Trout Unlimited

July 26, 2016--Wildlife officials to poison invasive fish in East Fork of Hermosa Creek (Durango Herald)

Next week, Colorado Parks and Wildlife officials will be treating a two-mile section of the East Fork of Hermosa Creek as part of ongoing efforts to eliminate invasive fish species and restore native Colorado River cutthroat trout to the watershed. The section, which stretches from below Sig Creek Falls to just above the confluence on the main stem, will be treated with an organic p


May 18, 2016--Trout Unlimited, MSI launch Animas River monitoring following Gold King spill (Pagosa Daily Post)

Trout Unlimited, Mountain Studies Institute and partners yesterday announced plans for a multi-year monitoring of the Animas River to gauge the overall health of the Animas River and whether the Gold King Mine spill in 2015 is impacting aquatic health in the world-class trout waters through Durango. “We’re lucky that our community’s Gold Medal trout fishery wasn&rsqu


May 13, 2016--Water conservation funding in Senate spending bill will benefit rivers and fish (Water Online)

On May 12, 2016 the Senate passed a bill that sets funding levels for energy and water development and includes increased investments in conservation that would benefit fish, wildlife, riparian habitat, and sportsmen, especially in drought-stricken states. In a victory for sportsmen, the bill did not include a rider to block the Clean Water Rule, which will restore pr


March 5, 2016--San Juan Clean Water Coalition to hold launch party Monday (Durango Herald)

Six months before the Gold King Mine blowout, a grass-roots movement prompted elected officials in Southwest Colorado to propose a site-specific good Samaritan legislation for counties within the San Juan Mountains. The idea was to implement a pilot program that would provide adequate protections for parties undertaking remediation projects in the hopes the legislation could spread


December 18, 2015--For enviro groups, Gold King spill intensifies mission (Durango Herald)

Though the Animas River has returned to its normal shades of blue, not all has returned to normal since last summer’s Gold King Mine spill. For a handful of local environmental groups, operations have vastly changed since the national spotlight turned on Southwest Colorado on Aug.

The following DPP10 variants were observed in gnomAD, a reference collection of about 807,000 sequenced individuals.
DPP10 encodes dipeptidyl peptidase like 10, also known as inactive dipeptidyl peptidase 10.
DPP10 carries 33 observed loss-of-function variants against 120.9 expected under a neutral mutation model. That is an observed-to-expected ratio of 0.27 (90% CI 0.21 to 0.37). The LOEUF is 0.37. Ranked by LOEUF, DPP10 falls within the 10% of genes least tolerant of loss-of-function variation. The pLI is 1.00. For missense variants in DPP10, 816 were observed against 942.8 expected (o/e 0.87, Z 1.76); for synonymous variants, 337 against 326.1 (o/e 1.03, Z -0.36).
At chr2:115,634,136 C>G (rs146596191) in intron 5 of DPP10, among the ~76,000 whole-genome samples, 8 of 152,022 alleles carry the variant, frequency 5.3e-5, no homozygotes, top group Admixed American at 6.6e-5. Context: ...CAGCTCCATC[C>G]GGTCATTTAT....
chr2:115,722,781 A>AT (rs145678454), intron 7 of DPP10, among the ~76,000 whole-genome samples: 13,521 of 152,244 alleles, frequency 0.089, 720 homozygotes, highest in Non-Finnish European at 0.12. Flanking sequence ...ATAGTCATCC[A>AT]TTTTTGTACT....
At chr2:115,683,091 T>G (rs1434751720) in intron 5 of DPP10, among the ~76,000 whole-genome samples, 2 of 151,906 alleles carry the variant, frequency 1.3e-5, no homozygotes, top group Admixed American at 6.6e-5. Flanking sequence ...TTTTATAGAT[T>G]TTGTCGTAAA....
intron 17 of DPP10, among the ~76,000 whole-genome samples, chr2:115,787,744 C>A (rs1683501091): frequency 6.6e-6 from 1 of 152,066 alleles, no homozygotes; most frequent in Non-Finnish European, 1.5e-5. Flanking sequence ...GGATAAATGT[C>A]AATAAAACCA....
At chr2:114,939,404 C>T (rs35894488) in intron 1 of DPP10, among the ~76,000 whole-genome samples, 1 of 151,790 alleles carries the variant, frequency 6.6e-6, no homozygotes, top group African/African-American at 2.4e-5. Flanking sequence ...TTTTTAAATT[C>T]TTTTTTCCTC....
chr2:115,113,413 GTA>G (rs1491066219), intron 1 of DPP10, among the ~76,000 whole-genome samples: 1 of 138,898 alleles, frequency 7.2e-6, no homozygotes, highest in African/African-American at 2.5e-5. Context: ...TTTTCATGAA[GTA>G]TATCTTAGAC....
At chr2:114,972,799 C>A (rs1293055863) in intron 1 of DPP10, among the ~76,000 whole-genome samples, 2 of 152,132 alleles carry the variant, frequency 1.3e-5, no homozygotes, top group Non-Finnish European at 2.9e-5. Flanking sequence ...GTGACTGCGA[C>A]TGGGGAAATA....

August 3, 2015--Hermosa Creek trout restoration project continues (Pagosa Daily Post)

The multi-year project to restore native Colorado River cutthroat trout to more than 20 miles of the Hermosa Creek watershed is continuing this summer. The project is a cooperative effort of Colorado Parks and Wildlife, the U.S. Forest Service and Trout Unlimited. The Hermosa Creek project is one of the largest native trout restoration project ever done in the state.


April 28, 2015--Fish in the Animas aren’t going hungry (Durango Herald)

There are fewer fish locally in the Animas River than there used to be, but the populations are not likely wanting for food.  A study of bugs, specifically macroinvertebrates, recently completed found a wide variety of species, including many that are sensitive to pollution, said Scott Roberts, an aquatic biologist with Ecosphere Environmental Services.


December 4, 2014--Defense act includes Hermosa bill (Durango Herald)

The Hermosa Creek wilderness bill has been included in the National Defense Authorization Act, again raising hopes among supporters that Congress will pass the bill before the session ends. The defense act is one of the few remaining bills Congress is expected to debate this year.


Trout Unlimited and The Nature Conservancy

Trout Unlimited and The Nature Conservancy are working to improve fish habitat and riparian health on the upper and lower Dolores River. Matt Clark, director for the Dolores River Chapter of Trout Unlimited, is organizing a project to install a fish passage and improved diversion dam at the Redburn Ranch north of Dolores. Currently, landowners have to build a cobble push-up dam across a wide section of river every year to get enough draw into a nearby diversion that irrigates the pastures. The make-shift dam blocks fish from moving up and down the river and washes out every year at high flows.

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